Finny!’s review published on Letterboxd:
''The more visionary the idea, the more people it leaves behind.''
Overlong but fascinating.
Much like Dead Ringers, Cosmopolis is on the verge of being a masterpiece, but it just feels stretched across a runtime that its content can't fully justify.
Unlike Dead Ringers, rather than a single sequence that could be cut, basically every scene in cosmopolis is about 33% longer than it needs to be—especially the ending, which is ten minutes of conversation stretched out over 20 minutes of dialogue; most of said dialogue being tedious and hollow.
Still, Cosmopolis is a film i respect the hell out of.
While I think it detracted from the film's power overall, the decision to deny violent gratification to the viewer to show Packer's apathy was clever and interesting—only violent or taboo acts Packer was actively engaged in were shown, whereas the film would cut away from things that Packer had inflicted on him by others; he gets no thrill from anything anymore, no matter how extreme, unless it's inflicted on someone else, usually by himself; he no longer gets enjoyment from passivity, he has become something like an active voyeur.
I also liked the film's accelerationist angle, with hypercapitalism as an all-pervading neutral force of nature that causes its own opponents, but also inherently disproves them.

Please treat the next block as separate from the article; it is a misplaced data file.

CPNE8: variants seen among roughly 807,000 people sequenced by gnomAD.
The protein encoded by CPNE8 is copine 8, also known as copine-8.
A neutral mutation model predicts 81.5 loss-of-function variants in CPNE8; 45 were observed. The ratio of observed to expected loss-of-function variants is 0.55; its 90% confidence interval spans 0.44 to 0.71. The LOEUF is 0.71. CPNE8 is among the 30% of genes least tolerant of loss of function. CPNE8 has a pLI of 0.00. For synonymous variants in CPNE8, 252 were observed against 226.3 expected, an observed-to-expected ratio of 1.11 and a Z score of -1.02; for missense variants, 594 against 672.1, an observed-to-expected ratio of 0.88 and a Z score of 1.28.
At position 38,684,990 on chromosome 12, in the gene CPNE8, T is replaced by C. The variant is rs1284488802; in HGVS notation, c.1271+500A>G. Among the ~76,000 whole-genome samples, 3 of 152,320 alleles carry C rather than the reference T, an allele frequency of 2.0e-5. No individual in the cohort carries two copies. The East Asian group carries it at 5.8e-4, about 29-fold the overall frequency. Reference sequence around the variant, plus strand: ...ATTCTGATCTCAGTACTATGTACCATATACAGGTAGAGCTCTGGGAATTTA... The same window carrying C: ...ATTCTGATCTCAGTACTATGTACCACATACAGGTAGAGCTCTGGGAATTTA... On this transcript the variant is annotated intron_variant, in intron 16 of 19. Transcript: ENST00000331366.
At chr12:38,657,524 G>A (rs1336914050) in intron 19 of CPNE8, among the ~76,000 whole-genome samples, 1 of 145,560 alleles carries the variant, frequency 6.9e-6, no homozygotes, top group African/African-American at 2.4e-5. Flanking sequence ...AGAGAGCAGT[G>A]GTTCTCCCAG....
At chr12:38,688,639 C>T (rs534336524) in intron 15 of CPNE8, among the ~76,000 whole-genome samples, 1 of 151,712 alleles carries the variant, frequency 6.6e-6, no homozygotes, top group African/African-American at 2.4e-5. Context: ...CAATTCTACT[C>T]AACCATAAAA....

Within the film's context, the revolutionaries are angry, their grievances are potentially even valid in many ways, but they're also wrong.
The future is inevitable; the system doesn't collapse, it just engages in an infinitely sustaining process of creative-destruction.
Forever has no 'late-stage'.
It's just a shame that the film runs 2 hours instead of 90 minutes.
Cosmopolis has shades of Videodrome—with hyperspeed society (Its emptiness, technological detachment, and lust for violence) taking the place of hyperspeed media—but it's unfortunately less dense and much longer than that film, leading to a less tight package overall.
Still, while not one of Cronenberg's best, Cosmopolis is one of his most interesting—and it is still very good.